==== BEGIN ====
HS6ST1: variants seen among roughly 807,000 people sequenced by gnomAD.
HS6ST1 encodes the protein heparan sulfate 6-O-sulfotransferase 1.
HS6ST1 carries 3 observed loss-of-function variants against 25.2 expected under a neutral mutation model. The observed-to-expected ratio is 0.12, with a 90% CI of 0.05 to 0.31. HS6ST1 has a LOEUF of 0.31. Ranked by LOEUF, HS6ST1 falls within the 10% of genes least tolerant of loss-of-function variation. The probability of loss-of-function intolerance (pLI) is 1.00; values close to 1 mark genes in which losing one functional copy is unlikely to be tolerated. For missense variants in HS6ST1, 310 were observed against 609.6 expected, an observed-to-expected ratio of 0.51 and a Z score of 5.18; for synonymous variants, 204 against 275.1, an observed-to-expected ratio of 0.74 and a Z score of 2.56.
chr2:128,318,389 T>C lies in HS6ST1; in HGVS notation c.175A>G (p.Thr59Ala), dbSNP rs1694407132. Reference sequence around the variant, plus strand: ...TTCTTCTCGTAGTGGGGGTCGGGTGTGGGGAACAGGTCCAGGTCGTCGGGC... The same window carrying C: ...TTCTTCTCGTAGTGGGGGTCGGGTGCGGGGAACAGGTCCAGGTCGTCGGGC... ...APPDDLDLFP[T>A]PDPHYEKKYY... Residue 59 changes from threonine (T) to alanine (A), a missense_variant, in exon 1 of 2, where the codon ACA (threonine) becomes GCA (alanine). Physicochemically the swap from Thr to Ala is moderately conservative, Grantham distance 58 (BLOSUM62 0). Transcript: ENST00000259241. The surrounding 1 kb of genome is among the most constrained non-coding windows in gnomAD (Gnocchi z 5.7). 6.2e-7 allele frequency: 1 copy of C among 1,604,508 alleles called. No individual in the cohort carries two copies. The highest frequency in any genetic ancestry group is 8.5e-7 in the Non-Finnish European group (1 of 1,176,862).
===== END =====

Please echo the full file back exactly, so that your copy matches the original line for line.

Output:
HS6ST1: variants seen among roughly 807,000 people sequenced by gnomAD.
HS6ST1 encodes the protein heparan sulfate 6-O-sulfotransferase 1.
HS6ST1 carries 3 observed loss-of-function variants against 25.2 expected under a neutral mutation model. The observed-to-expected ratio is 0.12, with a 90% CI of 0.05 to 0.31. HS6ST1 has a LOEUF of 0.31. Ranked by LOEUF, HS6ST1 falls within the 10% of genes least tolerant of loss-of-function variation. The probability of loss-of-function intolerance (pLI) is 1.00; values close to 1 mark genes in which losing one functional copy is unlikely to be tolerated. For missense variants in HS6ST1, 310 were observed against 609.6 expected, an observed-to-expected ratio of 0.51 and a Z score of 5.18; for synonymous variants, 204 against 275.1, an observed-to-expected ratio of 0.74 and a Z score of 2.56.
chr2:128,318,389 T>C lies in HS6ST1; in HGVS notation c.175A>G (p.Thr59Ala), dbSNP rs1694407132. Reference sequence around the variant, plus strand: ...TTCTTCTCGTAGTGGGGGTCGGGTGTGGGGAACAGGTCCAGGTCGTCGGGC... The same window carrying C: ...TTCTTCTCGTAGTGGGGGTCGGGTGCGGGGAACAGGTCCAGGTCGTCGGGC... ...APPDDLDLFP[T>A]PDPHYEKKYY... Residue 59 changes from threonine (T) to alanine (A), a missense_variant, in exon 1 of 2, where the codon ACA (threonine) becomes GCA (alanine). Physicochemically the swap from Thr to Ala is moderately conservative, Grantham distance 58 (BLOSUM62 0). Transcript: ENST00000259241. The surrounding 1 kb of genome is among the most constrained non-coding windows in gnomAD (Gnocchi z 5.7). 6.2e-7 allele frequency: 1 copy of C among 1,604,508 alleles called. No individual in the cohort carries two copies. The highest frequency in any genetic ancestry group is 8.5e-7 in the Non-Finnish European group (1 of 1,176,862).